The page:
Privacy Issues (droneworks 1996 - 2009)
3 cds for the price of 2
Featuring Chris McIntyre and Peter Zummo, trombones; "Blue" Gene Tyranny, keyboards; and The Black Jackets Ensemble.
"This was something unexpected and truly different: pulsing electronic textures that derived their rhythm from the beating patterns of closely-tune pitches - as if Alvin Lucier and Philip Glass had gone on a blind date to CBGBs… David put the beat in beating patterns." - From the liner notes by composer Nic Collins (on his initial exposure to First's music in 1987)
Long overdue overview of composer David First's drone works. This special and specially priced set (3 CDs for the price of 2) is comprised of nine works composed between 1996 and 2009.
"1996 was the beginning of a new period for me", says First. "I had spent the prior five or six years creating a lot of music for other players and larger ensembles - culminating in 1995 with a couple of mountings of my opera, The Manhattan Book of the Dead. I was a little burned out on this and decided to return to a more personal, intimate format - one that ended up including an even more extensive exploration of tunings, alternative compositional softwares and how my playing techniques interacted with these things. I think I just wanted to go deeper and have more control over the results. During the ensuing years I've had a few pendulum swings - forays into beat-oriented pop music with lyrics & vocals and, of course, the re-animation of my rock band from the late 70s - the Notekillers. But I've continued, through all of the changes, to maintain my grounding in my love of the drone & associated acoustical phenomena - a love affair that began in my teenage psychedelic years and will, no doubt, be a most significant aspect of my music path for as long as I am at it. The tracks here represent almost every major work created from 1996 to the present and I'm grateful that they will be heard by a wider swath of people than those who lived in NYC or happened to be at one of my touring performances during these years."
"David First is a guitarist and composer who is perpetually fascinated by drones, harmonics and psychoacoustic phenomena. His latest project, Operation:Kracpot, plans to start with live frequencies from brainwaves and Earth's magnetic field and works them into mind-warping minimalism." (Jon Pareles, The New York Times)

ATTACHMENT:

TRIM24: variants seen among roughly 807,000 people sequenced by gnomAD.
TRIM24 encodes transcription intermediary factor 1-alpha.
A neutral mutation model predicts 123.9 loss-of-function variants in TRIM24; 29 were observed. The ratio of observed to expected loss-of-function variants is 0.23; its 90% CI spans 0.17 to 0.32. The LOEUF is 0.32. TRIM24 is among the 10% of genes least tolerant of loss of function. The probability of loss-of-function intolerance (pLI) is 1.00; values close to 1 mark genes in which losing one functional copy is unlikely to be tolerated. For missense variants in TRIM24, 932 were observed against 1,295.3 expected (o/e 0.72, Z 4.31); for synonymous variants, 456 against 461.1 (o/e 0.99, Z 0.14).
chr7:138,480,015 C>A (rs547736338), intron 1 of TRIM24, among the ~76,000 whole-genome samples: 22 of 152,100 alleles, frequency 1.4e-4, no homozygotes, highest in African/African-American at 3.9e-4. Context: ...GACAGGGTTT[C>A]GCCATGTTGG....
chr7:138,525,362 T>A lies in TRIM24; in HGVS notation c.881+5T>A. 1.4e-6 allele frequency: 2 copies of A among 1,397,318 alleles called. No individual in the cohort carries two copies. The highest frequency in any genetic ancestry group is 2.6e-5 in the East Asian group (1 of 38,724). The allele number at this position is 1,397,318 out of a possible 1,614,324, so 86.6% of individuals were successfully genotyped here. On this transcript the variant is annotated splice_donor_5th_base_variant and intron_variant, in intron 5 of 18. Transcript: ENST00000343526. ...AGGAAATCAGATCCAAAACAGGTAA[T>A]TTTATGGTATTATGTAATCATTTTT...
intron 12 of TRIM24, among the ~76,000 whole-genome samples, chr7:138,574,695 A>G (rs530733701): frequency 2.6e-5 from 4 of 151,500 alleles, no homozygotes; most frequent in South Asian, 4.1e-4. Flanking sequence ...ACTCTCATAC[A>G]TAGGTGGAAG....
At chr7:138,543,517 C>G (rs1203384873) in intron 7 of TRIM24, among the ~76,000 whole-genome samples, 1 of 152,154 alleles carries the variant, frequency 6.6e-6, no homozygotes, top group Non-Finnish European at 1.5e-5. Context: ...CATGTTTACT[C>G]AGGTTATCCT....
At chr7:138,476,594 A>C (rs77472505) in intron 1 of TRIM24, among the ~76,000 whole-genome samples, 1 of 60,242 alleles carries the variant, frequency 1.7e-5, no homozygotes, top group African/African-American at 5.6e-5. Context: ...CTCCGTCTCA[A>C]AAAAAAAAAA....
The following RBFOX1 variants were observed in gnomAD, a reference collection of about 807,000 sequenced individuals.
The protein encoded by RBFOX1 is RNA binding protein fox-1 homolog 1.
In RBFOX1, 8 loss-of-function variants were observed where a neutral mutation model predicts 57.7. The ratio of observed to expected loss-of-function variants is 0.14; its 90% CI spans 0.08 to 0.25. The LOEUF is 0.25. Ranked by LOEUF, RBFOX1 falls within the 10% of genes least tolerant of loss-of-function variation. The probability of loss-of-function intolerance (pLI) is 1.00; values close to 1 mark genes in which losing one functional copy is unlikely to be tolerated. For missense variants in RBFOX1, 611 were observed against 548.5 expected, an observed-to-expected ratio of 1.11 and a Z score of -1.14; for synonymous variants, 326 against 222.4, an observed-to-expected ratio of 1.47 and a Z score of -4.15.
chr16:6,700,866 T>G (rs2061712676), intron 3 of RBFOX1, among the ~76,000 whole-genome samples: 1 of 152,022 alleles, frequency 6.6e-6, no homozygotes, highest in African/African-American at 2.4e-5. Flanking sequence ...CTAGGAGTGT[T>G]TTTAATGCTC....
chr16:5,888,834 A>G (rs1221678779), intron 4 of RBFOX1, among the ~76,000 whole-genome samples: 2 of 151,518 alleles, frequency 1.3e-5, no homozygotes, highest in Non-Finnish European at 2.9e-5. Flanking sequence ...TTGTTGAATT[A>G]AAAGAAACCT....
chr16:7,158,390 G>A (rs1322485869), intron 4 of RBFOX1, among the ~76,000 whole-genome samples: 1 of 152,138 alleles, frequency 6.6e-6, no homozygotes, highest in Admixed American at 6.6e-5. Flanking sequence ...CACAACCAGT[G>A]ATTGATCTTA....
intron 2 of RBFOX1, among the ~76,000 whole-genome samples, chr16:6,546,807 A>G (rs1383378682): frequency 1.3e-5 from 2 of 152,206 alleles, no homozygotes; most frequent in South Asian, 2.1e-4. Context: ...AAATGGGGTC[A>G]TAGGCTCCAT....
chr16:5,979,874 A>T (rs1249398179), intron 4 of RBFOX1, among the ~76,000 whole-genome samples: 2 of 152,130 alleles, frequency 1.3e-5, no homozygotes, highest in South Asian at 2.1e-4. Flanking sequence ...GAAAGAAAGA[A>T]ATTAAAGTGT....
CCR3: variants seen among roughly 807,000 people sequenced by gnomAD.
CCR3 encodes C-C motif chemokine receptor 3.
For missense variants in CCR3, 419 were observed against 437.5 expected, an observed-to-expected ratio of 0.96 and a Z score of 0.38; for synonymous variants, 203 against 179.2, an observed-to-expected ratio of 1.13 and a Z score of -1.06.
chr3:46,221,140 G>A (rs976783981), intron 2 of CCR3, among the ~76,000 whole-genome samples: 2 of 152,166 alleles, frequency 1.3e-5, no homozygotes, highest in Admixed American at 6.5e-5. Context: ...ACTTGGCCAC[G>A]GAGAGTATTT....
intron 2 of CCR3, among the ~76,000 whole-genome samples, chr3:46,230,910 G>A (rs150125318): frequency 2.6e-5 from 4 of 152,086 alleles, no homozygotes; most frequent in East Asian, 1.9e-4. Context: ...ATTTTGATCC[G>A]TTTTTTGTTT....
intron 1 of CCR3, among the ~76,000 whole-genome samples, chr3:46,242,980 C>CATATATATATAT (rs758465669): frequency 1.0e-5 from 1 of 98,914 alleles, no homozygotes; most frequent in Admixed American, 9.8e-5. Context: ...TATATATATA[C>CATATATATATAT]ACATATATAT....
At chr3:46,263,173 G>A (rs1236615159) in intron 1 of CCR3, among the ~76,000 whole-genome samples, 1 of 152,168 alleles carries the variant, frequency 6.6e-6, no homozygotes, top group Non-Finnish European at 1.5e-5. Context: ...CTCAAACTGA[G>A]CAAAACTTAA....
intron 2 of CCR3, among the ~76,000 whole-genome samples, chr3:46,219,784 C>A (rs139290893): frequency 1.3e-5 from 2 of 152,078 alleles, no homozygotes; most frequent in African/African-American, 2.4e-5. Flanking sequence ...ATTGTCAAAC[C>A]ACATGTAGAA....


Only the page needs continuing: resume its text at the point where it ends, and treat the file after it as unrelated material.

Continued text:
"this is music that spontaneously replicates the soundscapes of Gyorgy Ligeti and Giacinto Scelsi in a startling new electric-guitar context. " (Alex Ross, The New York Times)
"Those connoisseurs who treasure their battered copies of La Monte Young's "Drift Study" and go to extraordinary lengths to acquire the music that grew out of Young's early 60s Dream Syndicate group are strongly encouraged to book a table at Dave's Waves right away, since First is quite simply a master chef when it comes to cooking up harmonics." (Dan Warburton, Paris Transatlantic)
"The only disc my dog has ever barked at. "(Kyle Gann, Village Voice)
DAVID FIRST (b. 1953)
David First's musical life is filled with opposites and extremes. At the age of twenty he played guitar with renowned avant-jazz pianist Cecil Taylor in a legendary Carnegie Hall concert. Two years after that he was creating electronic music as an "after-hours" artist-in-residence at Princeton University and leading a Mummer's String Band in Philadelphia parades. He has played in raucous drunken bar bands and in pin-drop quiet concert halls with classical ensembles. As a composer First has created everything from finely crafted pop songs to long, severely minimalist drone-works. His performances often find him sitting trance-like without seeming to move a muscle, unless he is playing with his recently re-formed psychedelic punk band, Notekillers, at which time he is a whirling blur of hyperactive energy. First has been called "a fascinating artist with a singular technique" in The New York Times, and "a bizarre cross between Hendrix and La Monte Young" in The Village Voice.
A 45 single released in 1980, The Zipper, by Notekillers, was cited by Sonic Youth's Thurston Moore as one of the songs he played for the rest of the band when they were starting out. Moore called it a "mind-blowing instrumental single" in the British rock magazine Mojo and "a big influence" in the Philadelphia Inquirer.
First's music has been performed in the USA at The Kitchen, Bang On A Can, Central Park Summerstage, the CMJ Music Marathon, Joe's Pub, SXSW, The Stone, The Knitting Factory, Tonic, Issue Project Room, Monkey Town, Merkin Hall, CBGB's, and The Spoleto Festival. He has also been presented extensively in Europe - appearing, at Podewil, the USArts Festival, Institut Unzeit (Berlin) as well as at De Ijsbreker (Amsterdam), the Heidelberger Festival for Experimental Music and Literature (Heidelberg), ZwischenTone Festival (Köln), The Impakt Festival (Utrecht), Het Apollohuis (Eindhoven), and the Brugge Concertgebeouw (Brugge). First has also presented sound installations at Kunstforeningen (Copenhagen), the Uppsala Konstmuseum (Uppsala), Exit Art (New York), Voorkamer (Lier) and Studio Five Beekman (NYC). An installation - Dave's Waves, a Sonic Restaurant - ran during the summer of 2006 in the Sonambiente Festival of Sound Art in Berlin.